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General Information

The first owner of a Halfwood Press was its designer, Bill Ritchie. In April, 2004, he commissioned "a half-wood, half-steel" roller-style printing press with a 24-inch wide bed. Such a press is referred to as an "etching press." The Kughler Company, in the Ballard area of Seattle, took on the job.

After this press, he named "Century," was finished, Bill commented that a model of this six-foot, 300-pound press would be nice, "like a mantel clock, to look at." A few weeks later, Kughler showed up with a mini press. They put it to a test it to see if it worked like the big one, and it did. Bill took it on a picnic and made prints.

The second person to own the "Legacy Mini Halfwood Press" was Hans Nelson, who - in November of 2004 - drove 90 miles to the Daniel Smith Inc. backroom demo to see Bill's press in action. Hans bought the second press on the spot. Sadly, Hans died only a few months later.

By Christmas, 2004, from the demonstration at Daniel Smith, Inc., four of the Legacy Mini Halfwood presses were sold - two as surprise gifts and one by the artist for herself. The introductory price averaged $600.

Legacy Mini Halfwood models sold well, so Kughler made a twelve-inch wide model, the "Mariner," followed by the 9-inch wide model, the "Galleon." As Bill made them more elaborate and labor-intensive, the prices of Mini Halfwoods rose to a high of $1,400.

Bill made the first Printmaker Chest for the Legacy Mini Halfwood - the first step toward his goal of providing, "A box containing everything you need to be a busker printmaker or teacher."

Ritchie and Kughler made a model called the "Pram," incorporating feedback from the first 100 owners. Seeking ways to add online printmaking teaching methods in the press' works, Bill invented the "PressGhost," a flash memory drive loaded with information, books, videos and links to other owners via the web.

The Pram was awarded the Silver Medal in the Italian design contest, the A'Design Award and Competition -the first time a printing press was given such a prize in any design show.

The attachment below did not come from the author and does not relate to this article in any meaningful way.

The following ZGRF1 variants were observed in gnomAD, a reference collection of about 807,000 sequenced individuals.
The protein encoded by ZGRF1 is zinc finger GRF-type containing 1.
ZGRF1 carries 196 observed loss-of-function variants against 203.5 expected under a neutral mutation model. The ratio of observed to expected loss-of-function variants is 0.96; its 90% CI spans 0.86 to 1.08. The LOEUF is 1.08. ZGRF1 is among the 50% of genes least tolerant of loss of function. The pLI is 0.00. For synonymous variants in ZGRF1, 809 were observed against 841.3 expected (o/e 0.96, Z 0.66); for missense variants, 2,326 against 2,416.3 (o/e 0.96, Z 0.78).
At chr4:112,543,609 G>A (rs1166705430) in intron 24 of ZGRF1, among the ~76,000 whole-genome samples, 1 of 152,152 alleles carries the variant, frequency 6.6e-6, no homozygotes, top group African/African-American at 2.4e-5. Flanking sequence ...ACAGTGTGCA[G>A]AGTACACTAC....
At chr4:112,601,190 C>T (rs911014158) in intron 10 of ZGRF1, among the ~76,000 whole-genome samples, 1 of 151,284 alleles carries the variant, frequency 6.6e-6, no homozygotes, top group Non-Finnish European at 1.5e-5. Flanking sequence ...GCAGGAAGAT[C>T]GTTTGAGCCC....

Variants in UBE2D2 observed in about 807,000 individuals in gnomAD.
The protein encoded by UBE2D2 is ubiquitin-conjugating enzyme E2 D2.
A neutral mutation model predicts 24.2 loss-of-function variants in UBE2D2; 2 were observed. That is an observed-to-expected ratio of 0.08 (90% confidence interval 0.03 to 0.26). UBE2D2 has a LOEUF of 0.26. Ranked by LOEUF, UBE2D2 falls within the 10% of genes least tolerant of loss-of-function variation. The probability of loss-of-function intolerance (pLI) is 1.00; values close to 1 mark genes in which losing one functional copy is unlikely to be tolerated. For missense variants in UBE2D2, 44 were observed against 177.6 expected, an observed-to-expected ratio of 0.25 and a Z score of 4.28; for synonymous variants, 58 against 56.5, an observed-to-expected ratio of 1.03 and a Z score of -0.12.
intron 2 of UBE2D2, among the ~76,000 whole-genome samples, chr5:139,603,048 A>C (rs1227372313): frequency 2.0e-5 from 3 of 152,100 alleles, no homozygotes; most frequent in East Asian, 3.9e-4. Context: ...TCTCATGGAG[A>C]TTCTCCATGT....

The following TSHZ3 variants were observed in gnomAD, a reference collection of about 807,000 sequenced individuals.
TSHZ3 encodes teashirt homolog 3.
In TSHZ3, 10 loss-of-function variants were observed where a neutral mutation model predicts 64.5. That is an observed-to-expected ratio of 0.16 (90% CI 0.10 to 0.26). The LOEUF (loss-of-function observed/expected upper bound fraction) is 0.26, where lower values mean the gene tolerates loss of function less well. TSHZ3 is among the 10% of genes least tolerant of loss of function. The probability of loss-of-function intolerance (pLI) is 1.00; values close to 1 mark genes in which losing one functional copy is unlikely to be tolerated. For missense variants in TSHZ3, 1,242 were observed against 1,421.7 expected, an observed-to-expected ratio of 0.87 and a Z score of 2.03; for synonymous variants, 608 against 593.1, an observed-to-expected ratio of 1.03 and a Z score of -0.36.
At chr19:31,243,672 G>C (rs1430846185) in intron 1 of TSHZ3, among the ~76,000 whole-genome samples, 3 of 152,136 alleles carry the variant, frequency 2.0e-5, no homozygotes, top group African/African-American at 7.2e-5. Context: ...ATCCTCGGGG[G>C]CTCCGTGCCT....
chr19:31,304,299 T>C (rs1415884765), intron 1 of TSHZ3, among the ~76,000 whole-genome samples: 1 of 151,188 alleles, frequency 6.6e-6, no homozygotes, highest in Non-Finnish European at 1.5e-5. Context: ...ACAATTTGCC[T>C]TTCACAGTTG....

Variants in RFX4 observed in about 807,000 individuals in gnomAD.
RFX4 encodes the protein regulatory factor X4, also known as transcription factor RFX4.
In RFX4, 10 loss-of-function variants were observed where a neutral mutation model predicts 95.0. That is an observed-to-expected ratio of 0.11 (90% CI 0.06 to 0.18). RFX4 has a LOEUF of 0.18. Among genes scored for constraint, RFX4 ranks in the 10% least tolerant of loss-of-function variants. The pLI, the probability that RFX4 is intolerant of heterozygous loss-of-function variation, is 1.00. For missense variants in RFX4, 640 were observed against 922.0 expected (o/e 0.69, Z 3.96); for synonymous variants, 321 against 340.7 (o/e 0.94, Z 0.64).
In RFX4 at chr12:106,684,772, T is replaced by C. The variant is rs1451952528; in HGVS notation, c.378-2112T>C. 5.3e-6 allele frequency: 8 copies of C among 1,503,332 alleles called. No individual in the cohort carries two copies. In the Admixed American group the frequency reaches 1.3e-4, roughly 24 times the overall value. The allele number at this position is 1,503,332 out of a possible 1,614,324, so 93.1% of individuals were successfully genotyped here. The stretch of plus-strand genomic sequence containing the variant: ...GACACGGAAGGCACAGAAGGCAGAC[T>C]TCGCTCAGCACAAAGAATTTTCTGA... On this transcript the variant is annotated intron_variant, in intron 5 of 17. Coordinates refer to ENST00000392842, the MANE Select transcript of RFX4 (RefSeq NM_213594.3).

Kughler brought on the 7.5-inch wide press, the "Frigate" and a Printmaker Chest to carry it.

In 2014 - ten years after he made the Century and the Legacy Mini, Tom designed the 18-inch, standing floor model, the "Carrack."

Ritchie's pursuit as a printmaking evangelist stimulated experiments with printmaking board games, solid Chocolate bar ink made the Rembrandt Chocolate Company in Canada, a novel back story - "Rembrandt's Ghost in the New Machine," for game backstories.

The notion of printmaking as an experience led to a wood model of the press that Rembrandt used. Ric Miller made a simpler version of the "Wee Woodie Rembrandt Press" with his CNC router system. Ric's Wee Woodie Rembrandt also won the A'Design Award in Milan - the second time a printing press won the design award.

By this point in time, the price range of the Halfwood presses had made them collector items as well as being servicable printing presses. This pricey, designer quality exclusivity seemed to Bill to work against his goal of popularizing printmaking with a roller-style press because it would not be affordable for teachers, buskers, hobbyists and crafters.

To offer a quality press at half the price of the Pram, Ritchie and Kughler designed the "Mini Etching Press," and designed it so that it could be sold as a Do-It-Yourself Kit - a working and customizable press. It was introduced in 2012 at $750.

At the time of this writing, approximately 150 people in fifteen countries have taken ownership of Halfwood presses, Printmaker Chests and DIY kits of the Halfwood Line.

December 20, 2014